I tend to compose with LV if needed and then shoot / review using the focus mask feature. That's pretty easy and efficient but I'd love to work through a better process using a tilt/swing lens in the field using LV directly. I just don't find the quality of the image clear enough even using a loupe when I do it. Too much image noise interferes with my own personal ability to get the best out of this process. Maybe I'm expecting too much or just not getting the knack but I don't find it very efficient in real life out in the field yet (after 18months in fact).
    Remember: adventure before dementia!

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    Re: IQ backs and live view

    I think we all want live view to work better in the field than it does. My workflow evolves constantly, but here is how I do it currently for landscape photos. I rough compose, select lens using Viewfinder Pro on an iPad mini. I set up the camera and tune the composition using a Cube and LV with slider settings for max quality and mid brightness at iso 50. For focus, I zoom to 50% and view the IQ180 screen with prescription close up glasses under a dark cloth when necessary. I find that two eyes with medium magnification gives me the best judgement of focus although there are still surprises when viewing on a laptop or monitor at home. Generally, when light levels are low, I try to focus at f5.6. For brighter light, I use a 4" hood mounted Lee polarizer that can be removed quickly. When using tilt, I focus first on the mid-ground, then tilt and tweak understanding that my Alpa is not an axis tilt. I check foreground and background using LV at 50% to see if it is close, take a test shot and examine it closely to decide if good enough. Then I stop down to the working aperture, usually f11-13 and take the final photo. I don't use focus mask much as it is dependent on qualities other than sharpness and is often misleading. It is useful for tilts to give a subjective idea of where the focus plane is. The whole process is pretty time consuming, but usually the result is worth it. I'm all in favor of an improved LV feature and interested to learn other's techniques for dealing with what we have.
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    Re: IQ backs and live view

    Granted I haven't had my IQ for as long as others have and granted I just began looking at using live view yesterday however I think I see where Graham is going in his post.

    I can see where live view will be a great benefit using the tilt/shift however I really don't see it for focusing try as I may. So, using it as a composition tool should be good. My main question is the settings folks are using. So, what's some best practices you've learned; slow refresh (better image) or faster (poorer image) or can you really tell the difference.

    I've got a new filter coming later this week (3 stop) and will actually get to kick the tires some more before heading to Carmel.


    Don
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    Re: IQ backs and live view

    Like Don, I'd love to hear of any tips regarding the best settings. Maybe there's a combination that works best that folks can recommend as I'm totally open to the concept of operator error (ie me).
    Remember: adventure before dementia!

    As Oscar Wilde said, "my tastes are simple, I only like the best"

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    Re: IQ backs and live view

    IQ series digital backs | Video tutorials

    What do you think of this method that does not use the focus mask? I assume it would work for tilt. This is about all I can find on the web.

    Doug Peterson has a more complex method that uses the mask and LV that is systematic. He would be better able to explain it than I would and maybe he will see this.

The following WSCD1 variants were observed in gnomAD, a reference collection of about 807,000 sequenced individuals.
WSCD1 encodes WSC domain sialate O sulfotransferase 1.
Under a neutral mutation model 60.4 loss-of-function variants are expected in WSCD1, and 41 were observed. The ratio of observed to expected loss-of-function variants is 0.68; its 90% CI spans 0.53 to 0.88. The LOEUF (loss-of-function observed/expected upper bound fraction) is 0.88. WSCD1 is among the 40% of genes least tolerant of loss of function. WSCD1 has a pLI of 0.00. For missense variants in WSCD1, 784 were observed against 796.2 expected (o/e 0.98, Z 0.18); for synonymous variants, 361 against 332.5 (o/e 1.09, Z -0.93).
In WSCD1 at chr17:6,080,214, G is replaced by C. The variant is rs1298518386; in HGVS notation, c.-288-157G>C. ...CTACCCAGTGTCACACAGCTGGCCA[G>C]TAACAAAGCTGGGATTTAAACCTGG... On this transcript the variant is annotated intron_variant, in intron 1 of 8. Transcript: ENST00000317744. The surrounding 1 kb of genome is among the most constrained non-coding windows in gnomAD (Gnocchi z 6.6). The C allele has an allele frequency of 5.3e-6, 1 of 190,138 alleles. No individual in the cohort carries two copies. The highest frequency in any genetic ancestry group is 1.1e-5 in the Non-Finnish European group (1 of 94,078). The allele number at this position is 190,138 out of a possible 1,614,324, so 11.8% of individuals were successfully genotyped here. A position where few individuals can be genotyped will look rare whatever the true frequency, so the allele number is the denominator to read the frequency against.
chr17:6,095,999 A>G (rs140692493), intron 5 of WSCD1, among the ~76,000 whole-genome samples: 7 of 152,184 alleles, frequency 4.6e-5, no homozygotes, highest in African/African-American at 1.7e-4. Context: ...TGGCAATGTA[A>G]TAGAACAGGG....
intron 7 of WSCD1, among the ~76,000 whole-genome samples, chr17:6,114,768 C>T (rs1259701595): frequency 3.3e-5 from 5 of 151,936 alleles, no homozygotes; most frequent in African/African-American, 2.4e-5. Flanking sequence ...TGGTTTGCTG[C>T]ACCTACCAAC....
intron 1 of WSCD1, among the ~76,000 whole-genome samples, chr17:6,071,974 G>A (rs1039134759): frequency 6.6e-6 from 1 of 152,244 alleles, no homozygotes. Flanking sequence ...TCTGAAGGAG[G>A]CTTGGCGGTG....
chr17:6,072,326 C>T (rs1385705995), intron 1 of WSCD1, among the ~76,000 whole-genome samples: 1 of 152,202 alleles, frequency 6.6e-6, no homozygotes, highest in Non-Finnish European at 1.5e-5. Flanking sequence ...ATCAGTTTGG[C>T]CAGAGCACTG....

Steve

    The video I am referring to is at the bottom of the page.

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    Re: IQ backs and live view

    I downloaded this from Phase One...
    Don Libby
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    Re: IQ backs and live view

    Quote Originally Posted by scatesmd View Post
    IQ series digital backs | Video tutorials

    What do you think of this method that does not use the focus mask? I assume it would work for tilt. This is about all I can find on the web.

    Doug Peterson has a more complex method that uses the mask and LV that is systematic. He would be better able to explain it than I would and maybe he will see this.

    Steve

    The video I am referring to is at the bottom of the page.
    I don't think live view has focus mask. If it does, can someone please explain how to do that?
    Thanks,
    Bob

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    Re: IQ backs and live view

    I use an IQ back with an Arca Swiss tech camera for outdoor landscape work. For longer lenses (120 and a 180mm) the camera is mounted on a rail and focussed with LV. This enables close macro work with a long rear extension and is very accurate. It also dispenses with the need for the 2 separate (and bulky) rear extenders that normally are used with these lenses.

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    Re: IQ backs and live view

    Quote Originally Posted by rga View Post
    I don't think live view has focus mask. If it does, can someone please explain how to do that?
    Thanks,
    Bob
    One or the other. Not both at the same time.

    LV in full screen or zoom mode. Shoot and review to see the focus mask.
    Remember: adventure before dementia!

    As Oscar Wilde said, "my tastes are simple, I only like the best"

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    Re: IQ backs and live view

    I screwed up (in a good way). I normally use a 10 stop ND to smoke water and have several in different sizes to include the one I needed for the 40 (it also fits my Mamiya 120 macro). I keep thinking I needed a 3-stop in order to use LV with the lens set to either f/22 or higher so ordered one (or at least I thought). I needed a filter 67mm however for some dumb reason ordered a 52 which I already had . So to make a long story short and to stop from making a complete fool of myself - the 52mm 3-stop filter arrived yesterday only for me to realize it's too damn small for the 40. All is not lost however as I finally put the 10-stop on went outside in a bright AZ sky and setting the f/stop at 8 and 11 found I can do LV that way. Now I have an extra filter!